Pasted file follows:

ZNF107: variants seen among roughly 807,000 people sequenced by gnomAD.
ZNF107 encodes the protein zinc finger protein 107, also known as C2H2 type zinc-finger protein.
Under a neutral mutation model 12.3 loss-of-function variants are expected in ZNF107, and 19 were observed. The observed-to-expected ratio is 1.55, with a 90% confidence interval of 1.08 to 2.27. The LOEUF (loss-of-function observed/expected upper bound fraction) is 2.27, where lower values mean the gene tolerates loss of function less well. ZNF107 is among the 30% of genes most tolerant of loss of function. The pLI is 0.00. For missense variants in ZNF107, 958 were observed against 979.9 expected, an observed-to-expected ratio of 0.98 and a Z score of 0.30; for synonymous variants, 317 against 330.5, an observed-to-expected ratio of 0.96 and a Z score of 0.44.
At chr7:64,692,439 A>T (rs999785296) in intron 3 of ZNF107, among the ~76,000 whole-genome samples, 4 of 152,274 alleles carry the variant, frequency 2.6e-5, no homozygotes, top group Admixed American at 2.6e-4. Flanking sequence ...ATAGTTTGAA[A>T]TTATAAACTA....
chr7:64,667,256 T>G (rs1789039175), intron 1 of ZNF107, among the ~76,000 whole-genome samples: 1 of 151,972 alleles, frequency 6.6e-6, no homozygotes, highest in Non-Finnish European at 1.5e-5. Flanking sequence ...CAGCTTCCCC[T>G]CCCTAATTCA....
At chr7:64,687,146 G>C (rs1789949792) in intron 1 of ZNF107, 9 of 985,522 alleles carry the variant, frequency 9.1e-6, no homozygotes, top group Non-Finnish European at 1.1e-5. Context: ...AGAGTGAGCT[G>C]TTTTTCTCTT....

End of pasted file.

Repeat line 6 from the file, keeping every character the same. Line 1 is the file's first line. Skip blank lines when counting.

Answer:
At chr7:64,687,146 G>C (rs1789949792) in intron 1 of ZNF107, 9 of 985,522 alleles carry the variant, frequency 9.1e-6, no homozygotes, top group Non-Finnish European at 1.1e-5. Context: ...AGAGTGAGCT[G>C]TTTTTCTCTT....